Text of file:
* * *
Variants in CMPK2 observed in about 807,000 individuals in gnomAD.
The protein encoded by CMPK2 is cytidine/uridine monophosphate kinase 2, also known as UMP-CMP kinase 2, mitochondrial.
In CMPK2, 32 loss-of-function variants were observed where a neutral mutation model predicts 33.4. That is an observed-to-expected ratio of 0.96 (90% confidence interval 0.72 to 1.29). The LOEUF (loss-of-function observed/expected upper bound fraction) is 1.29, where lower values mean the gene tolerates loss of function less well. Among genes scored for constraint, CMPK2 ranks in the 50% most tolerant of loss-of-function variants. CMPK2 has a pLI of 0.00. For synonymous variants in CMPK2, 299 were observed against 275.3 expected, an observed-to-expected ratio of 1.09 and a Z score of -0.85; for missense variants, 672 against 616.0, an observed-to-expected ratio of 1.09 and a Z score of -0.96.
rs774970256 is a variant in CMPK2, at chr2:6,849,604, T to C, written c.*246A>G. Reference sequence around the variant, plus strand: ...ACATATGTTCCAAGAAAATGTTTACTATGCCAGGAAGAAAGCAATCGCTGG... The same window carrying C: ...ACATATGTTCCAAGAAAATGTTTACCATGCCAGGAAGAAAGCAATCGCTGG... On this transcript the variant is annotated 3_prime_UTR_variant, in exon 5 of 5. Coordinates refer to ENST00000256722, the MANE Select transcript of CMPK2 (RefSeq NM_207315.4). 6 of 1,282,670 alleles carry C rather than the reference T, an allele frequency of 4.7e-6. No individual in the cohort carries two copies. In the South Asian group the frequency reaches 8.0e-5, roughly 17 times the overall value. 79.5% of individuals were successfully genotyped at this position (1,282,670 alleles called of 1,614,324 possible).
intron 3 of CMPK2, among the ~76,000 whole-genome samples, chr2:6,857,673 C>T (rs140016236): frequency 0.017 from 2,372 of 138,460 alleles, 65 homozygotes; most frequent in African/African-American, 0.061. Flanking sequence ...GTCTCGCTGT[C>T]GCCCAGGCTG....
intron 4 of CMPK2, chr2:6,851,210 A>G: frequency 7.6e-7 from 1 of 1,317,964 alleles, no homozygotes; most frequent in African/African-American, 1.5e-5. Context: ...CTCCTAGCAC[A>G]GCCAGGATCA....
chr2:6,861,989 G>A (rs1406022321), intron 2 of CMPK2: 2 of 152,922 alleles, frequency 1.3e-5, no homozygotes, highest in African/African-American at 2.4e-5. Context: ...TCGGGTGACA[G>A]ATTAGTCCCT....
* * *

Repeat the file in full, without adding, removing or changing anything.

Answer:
Variants in CMPK2 observed in about 807,000 individuals in gnomAD.
The protein encoded by CMPK2 is cytidine/uridine monophosphate kinase 2, also known as UMP-CMP kinase 2, mitochondrial.
In CMPK2, 32 loss-of-function variants were observed where a neutral mutation model predicts 33.4. That is an observed-to-expected ratio of 0.96 (90% confidence interval 0.72 to 1.29). The LOEUF (loss-of-function observed/expected upper bound fraction) is 1.29, where lower values mean the gene tolerates loss of function less well. Among genes scored for constraint, CMPK2 ranks in the 50% most tolerant of loss-of-function variants. CMPK2 has a pLI of 0.00. For synonymous variants in CMPK2, 299 were observed against 275.3 expected, an observed-to-expected ratio of 1.09 and a Z score of -0.85; for missense variants, 672 against 616.0, an observed-to-expected ratio of 1.09 and a Z score of -0.96.
rs774970256 is a variant in CMPK2, at chr2:6,849,604, T to C, written c.*246A>G. Reference sequence around the variant, plus strand: ...ACATATGTTCCAAGAAAATGTTTACTATGCCAGGAAGAAAGCAATCGCTGG... The same window carrying C: ...ACATATGTTCCAAGAAAATGTTTACCATGCCAGGAAGAAAGCAATCGCTGG... On this transcript the variant is annotated 3_prime_UTR_variant, in exon 5 of 5. Coordinates refer to ENST00000256722, the MANE Select transcript of CMPK2 (RefSeq NM_207315.4). 6 of 1,282,670 alleles carry C rather than the reference T, an allele frequency of 4.7e-6. No individual in the cohort carries two copies. In the South Asian group the frequency reaches 8.0e-5, roughly 17 times the overall value. 79.5% of individuals were successfully genotyped at this position (1,282,670 alleles called of 1,614,324 possible).
intron 3 of CMPK2, among the ~76,000 whole-genome samples, chr2:6,857,673 C>T (rs140016236): frequency 0.017 from 2,372 of 138,460 alleles, 65 homozygotes; most frequent in African/African-American, 0.061. Flanking sequence ...GTCTCGCTGT[C>T]GCCCAGGCTG....
intron 4 of CMPK2, chr2:6,851,210 A>G: frequency 7.6e-7 from 1 of 1,317,964 alleles, no homozygotes; most frequent in African/African-American, 1.5e-5. Context: ...CTCCTAGCAC[A>G]GCCAGGATCA....
chr2:6,861,989 G>A (rs1406022321), intron 2 of CMPK2: 2 of 152,922 alleles, frequency 1.3e-5, no homozygotes, highest in African/African-American at 2.4e-5. Context: ...TCGGGTGACA[G>A]ATTAGTCCCT....